The Cummins shop said transmission will need no service at this mileage.

Neither they or the dealer shop will flush brakes. Not sure if I want to do that myself or not. I just did it to my 4runner, and I dont like working with brake fluid anymore.

The brakes work great, so I'll decide in AZ wether or it to diy that task.



And now today's stupid question...
How do we keep the glasses from flying around in the cupboards?

We are going to start moving stuff in tonight.
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Old 11-20-2019, 09:47 PM   #22
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Might check with Les Schwab to see if they would do a brake flush. I know the previous owner of our coach had it done at a LS in Ellensburg. When I check at my local LS they wouldn't do it. Good luck.
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Old 11-21-2019, 08:55 AM   #23
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Might check with Les Schwab to see if they would do a brake flush. I know the previous owner of our coach had it done at a LS in Ellensburg. When I check at my local LS they wouldn't do it. Good luck.
Thanks

I've decided to flush the brakes down in AZ.



Today's stupid question is...

When I fill up the diesel fuel, will the pump shut off automatically when its it's full?

The unusual position of the fuel fill opening has me wondering. I've also only pumped diesel once so far. I knew about how much room was left, but the pump stopped a couple gallons before I got there because the ATM card only allowed $100 purchase lol

Still curious how to keep our glasses from breaking. I think I'll wander over to the general forums and search there.
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Old 11-21-2019, 09:01 AM   #24
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When I fill up the diesel fuel, will the pump shut off automatically when its it's full?

Very likely the pump will automatically cut off 10 gallons or so before it is full.


Diesel foams, so after the automatic cut off you can usually "nurse" more in.


Also, a number of us have found the vent line too long between fuel tank and filler neck. This hinders breathing (air out as you put diesel in) and artificially cuts off the pump. Pretty simple to crawl under there and verify that the vent line ONLY goes uphill from tank to filler.
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Old 11-21-2019, 10:25 AM   #25
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Today's stupid question is...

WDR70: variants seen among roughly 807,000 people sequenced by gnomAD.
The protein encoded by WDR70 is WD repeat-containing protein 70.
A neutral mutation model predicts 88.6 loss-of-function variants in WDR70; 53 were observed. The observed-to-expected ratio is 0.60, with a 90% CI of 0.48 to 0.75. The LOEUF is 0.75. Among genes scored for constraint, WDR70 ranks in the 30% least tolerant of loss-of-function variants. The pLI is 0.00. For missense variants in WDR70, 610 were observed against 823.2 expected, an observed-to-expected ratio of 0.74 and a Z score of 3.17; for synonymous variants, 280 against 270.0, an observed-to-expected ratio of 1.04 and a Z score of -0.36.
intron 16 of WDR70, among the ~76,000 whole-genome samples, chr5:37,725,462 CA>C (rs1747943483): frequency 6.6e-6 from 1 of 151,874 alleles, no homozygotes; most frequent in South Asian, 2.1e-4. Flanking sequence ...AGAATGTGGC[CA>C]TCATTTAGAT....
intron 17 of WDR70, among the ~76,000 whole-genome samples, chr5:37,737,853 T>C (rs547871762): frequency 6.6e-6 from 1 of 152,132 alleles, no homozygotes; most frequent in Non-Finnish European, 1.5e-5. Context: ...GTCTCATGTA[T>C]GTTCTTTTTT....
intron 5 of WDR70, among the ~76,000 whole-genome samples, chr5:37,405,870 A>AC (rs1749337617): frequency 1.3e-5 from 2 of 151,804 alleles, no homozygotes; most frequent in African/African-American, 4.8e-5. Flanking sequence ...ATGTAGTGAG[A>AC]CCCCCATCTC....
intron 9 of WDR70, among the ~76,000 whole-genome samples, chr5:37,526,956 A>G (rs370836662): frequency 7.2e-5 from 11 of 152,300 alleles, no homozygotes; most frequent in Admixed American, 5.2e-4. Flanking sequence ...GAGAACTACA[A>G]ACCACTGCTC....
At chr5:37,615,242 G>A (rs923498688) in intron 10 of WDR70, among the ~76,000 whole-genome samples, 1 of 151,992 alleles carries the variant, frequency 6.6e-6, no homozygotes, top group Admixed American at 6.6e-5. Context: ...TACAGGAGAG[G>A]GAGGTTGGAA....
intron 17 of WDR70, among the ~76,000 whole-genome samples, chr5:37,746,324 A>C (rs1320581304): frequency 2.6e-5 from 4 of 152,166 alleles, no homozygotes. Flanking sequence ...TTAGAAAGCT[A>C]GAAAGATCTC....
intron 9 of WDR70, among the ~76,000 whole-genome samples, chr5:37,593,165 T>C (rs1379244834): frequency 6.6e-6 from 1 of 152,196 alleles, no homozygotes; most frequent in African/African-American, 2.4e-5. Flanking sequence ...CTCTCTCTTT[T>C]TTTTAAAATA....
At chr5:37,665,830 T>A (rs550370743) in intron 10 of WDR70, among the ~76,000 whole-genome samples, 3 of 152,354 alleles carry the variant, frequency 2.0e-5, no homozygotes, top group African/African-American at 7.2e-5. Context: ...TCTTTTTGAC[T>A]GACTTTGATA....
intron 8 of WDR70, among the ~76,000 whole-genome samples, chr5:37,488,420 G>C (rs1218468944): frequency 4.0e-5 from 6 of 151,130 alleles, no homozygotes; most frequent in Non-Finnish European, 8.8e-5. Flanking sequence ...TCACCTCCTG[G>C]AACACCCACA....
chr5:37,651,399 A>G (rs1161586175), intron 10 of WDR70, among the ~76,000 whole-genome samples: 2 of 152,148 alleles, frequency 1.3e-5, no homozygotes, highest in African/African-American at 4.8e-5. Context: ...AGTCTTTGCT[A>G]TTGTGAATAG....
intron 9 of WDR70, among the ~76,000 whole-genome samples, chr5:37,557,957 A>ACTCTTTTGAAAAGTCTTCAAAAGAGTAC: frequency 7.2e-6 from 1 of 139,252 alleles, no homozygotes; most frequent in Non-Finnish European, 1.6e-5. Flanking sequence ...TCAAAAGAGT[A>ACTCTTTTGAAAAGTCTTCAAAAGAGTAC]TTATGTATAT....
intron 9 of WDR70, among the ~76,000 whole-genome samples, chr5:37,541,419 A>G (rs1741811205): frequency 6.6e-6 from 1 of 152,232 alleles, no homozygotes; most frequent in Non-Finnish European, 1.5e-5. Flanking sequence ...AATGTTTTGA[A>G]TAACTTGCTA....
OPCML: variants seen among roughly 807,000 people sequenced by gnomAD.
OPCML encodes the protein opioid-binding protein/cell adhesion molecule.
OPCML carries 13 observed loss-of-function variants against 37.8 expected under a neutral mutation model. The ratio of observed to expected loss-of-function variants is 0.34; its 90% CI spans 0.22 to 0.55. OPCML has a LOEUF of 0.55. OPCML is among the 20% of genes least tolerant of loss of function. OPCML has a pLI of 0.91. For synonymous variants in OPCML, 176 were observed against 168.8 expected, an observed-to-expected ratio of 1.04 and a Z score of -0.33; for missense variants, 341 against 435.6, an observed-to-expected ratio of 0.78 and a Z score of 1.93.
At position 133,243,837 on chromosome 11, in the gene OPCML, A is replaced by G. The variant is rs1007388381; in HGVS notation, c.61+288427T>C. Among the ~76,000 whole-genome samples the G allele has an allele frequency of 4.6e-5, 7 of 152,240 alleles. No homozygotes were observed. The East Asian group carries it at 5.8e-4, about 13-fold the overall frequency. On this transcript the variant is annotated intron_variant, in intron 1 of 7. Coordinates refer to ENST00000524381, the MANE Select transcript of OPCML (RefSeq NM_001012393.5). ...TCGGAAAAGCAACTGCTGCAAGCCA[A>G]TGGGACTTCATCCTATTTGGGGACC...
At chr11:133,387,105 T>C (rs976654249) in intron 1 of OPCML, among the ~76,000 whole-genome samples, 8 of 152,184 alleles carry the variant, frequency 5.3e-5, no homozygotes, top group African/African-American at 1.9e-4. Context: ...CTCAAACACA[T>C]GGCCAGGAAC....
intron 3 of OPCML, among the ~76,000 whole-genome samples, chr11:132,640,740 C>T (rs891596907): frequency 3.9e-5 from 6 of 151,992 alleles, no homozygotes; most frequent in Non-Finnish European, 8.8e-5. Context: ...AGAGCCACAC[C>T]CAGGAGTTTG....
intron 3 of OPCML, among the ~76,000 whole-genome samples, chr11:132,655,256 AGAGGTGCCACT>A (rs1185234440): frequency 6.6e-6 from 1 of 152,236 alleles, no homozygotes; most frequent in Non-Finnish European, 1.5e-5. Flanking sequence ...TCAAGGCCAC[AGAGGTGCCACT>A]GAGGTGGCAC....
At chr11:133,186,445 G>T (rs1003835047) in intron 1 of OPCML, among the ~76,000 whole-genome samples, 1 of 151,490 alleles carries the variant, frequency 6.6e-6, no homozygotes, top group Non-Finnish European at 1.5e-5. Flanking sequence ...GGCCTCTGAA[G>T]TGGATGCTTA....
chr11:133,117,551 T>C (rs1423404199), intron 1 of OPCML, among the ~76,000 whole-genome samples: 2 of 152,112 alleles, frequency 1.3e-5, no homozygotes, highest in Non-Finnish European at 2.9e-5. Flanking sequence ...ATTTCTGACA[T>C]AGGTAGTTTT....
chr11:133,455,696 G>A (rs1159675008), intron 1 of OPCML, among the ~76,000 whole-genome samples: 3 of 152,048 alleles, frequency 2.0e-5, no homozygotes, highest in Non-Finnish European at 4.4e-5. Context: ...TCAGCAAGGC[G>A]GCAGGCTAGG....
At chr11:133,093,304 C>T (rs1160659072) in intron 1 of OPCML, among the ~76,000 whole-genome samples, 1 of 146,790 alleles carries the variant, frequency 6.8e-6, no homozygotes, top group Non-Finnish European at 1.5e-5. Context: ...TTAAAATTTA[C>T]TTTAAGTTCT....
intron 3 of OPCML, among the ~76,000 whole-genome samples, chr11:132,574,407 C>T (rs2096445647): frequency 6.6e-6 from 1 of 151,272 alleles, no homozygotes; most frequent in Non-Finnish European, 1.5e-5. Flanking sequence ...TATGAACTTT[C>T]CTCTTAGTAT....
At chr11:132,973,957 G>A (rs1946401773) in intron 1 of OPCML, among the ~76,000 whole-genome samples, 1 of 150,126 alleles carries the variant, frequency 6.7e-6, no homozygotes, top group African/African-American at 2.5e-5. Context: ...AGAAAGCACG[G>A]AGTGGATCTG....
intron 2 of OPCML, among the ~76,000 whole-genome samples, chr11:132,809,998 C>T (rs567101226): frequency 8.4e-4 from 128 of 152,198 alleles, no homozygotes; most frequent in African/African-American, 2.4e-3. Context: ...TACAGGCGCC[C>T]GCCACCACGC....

Still curious how to keep our glasses from breaking. I think I'll wander over to the general forums and search there.

We installed no slip shelf liner, turn the coffee cups upside down and use mostly plastic glasses. As cheesy as it sounds we use a cardboard Widmer 6 pack carrier for wine glasses and tall cocktail tumblers. Carry them under the kitchen sink while traveling.
No matter what you do, be prepared for things to attack you when opening up cabinets. It just happens.
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Old 11-21-2019, 11:06 AM   #26
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Today's stupid question is...

Still curious how to keep our glasses from breaking. I think I'll wander over to the general forums and search there.

We installed no slip shelf liner, turn the coffee cups upside down and use mostly plastic glasses. As cheesy as it sounds we use a cardboard Widmer 6 pack carrier for wine glasses and tall cocktail tumblers. Carry them under the kitchen sink while traveling.
No matter what you do, be prepared for things to attack you when opening up cabinets. It just happens.
Go to a dollar store and buy shelf liner. It is kind of rubbery, and will stop things from sliding around. We have it in every cupboard.
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Old 11-21-2019, 03:04 PM   #27
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When we started in 2006 there was a company that made styrofoam blocks with holes the size of different types of glasses. It has worked well for 14 years. Only have broken 1 wine glass, and that was in use, not as the result of storage. I store them in cabinets over the dining table and use vertical rods that keep things from falling out when cabinet door is open. The blocks are sitting on wire shelves above the dishes which sit on the carpet bottom of the cabinet and never shift.

I haven't seen the blocks advertised for years, but it shouldn't be hard to find some solid blocks and cut out holes the size of your glasses.
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Old 11-21-2019, 04:35 PM   #28
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We went to our local store and baby proofed our cabinet doors, that at least keeps things contained.

On the fluids, I trust no one, if something go bad, it is my wallet that must sustain the hit, change ALL fluids, replace tires if the DOT code is over 7 years. Call Redlands Truck, in Redlands, CA they are in Quartzsite each year, and should be able to do the brake fluid change, tiresmand many other things you want done. They are not cheap, but they do good work.